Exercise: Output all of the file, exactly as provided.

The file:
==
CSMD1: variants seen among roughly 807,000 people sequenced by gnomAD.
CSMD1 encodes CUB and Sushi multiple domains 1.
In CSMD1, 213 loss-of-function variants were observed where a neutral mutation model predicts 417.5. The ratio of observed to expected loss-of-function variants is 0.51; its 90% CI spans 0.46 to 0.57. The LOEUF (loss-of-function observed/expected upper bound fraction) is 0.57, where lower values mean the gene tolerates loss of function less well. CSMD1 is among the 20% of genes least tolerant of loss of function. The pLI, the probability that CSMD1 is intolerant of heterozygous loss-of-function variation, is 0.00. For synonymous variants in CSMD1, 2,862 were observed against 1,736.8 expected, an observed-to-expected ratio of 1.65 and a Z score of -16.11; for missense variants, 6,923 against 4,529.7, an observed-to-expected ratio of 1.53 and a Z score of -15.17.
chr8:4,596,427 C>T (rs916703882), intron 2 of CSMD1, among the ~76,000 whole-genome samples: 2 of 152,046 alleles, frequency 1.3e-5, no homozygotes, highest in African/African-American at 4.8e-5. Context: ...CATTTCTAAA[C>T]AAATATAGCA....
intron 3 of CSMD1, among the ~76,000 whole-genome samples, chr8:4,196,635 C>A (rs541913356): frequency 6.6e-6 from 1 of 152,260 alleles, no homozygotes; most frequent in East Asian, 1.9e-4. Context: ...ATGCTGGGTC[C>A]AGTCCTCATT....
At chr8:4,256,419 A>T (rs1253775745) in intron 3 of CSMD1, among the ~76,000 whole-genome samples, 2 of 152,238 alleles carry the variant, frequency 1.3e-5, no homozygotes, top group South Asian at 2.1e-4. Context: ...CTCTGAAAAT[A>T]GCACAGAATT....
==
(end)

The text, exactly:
CSMD1: variants seen among roughly 807,000 people sequenced by gnomAD.
CSMD1 encodes CUB and Sushi multiple domains 1.
In CSMD1, 213 loss-of-function variants were observed where a neutral mutation model predicts 417.5. The ratio of observed to expected loss-of-function variants is 0.51; its 90% CI spans 0.46 to 0.57. The LOEUF (loss-of-function observed/expected upper bound fraction) is 0.57, where lower values mean the gene tolerates loss of function less well. CSMD1 is among the 20% of genes least tolerant of loss of function. The pLI, the probability that CSMD1 is intolerant of heterozygous loss-of-function variation, is 0.00. For synonymous variants in CSMD1, 2,862 were observed against 1,736.8 expected, an observed-to-expected ratio of 1.65 and a Z score of -16.11; for missense variants, 6,923 against 4,529.7, an observed-to-expected ratio of 1.53 and a Z score of -15.17.
chr8:4,596,427 C>T (rs916703882), intron 2 of CSMD1, among the ~76,000 whole-genome samples: 2 of 152,046 alleles, frequency 1.3e-5, no homozygotes, highest in African/African-American at 4.8e-5. Context: ...CATTTCTAAA[C>T]AAATATAGCA....
intron 3 of CSMD1, among the ~76,000 whole-genome samples, chr8:4,196,635 C>A (rs541913356): frequency 6.6e-6 from 1 of 152,260 alleles, no homozygotes; most frequent in East Asian, 1.9e-4. Context: ...ATGCTGGGTC[C>A]AGTCCTCATT....
At chr8:4,256,419 A>T (rs1253775745) in intron 3 of CSMD1, among the ~76,000 whole-genome samples, 2 of 152,238 alleles carry the variant, frequency 1.3e-5, no homozygotes, top group South Asian at 2.1e-4. Context: ...CTCTGAAAAT[A>T]GCACAGAATT....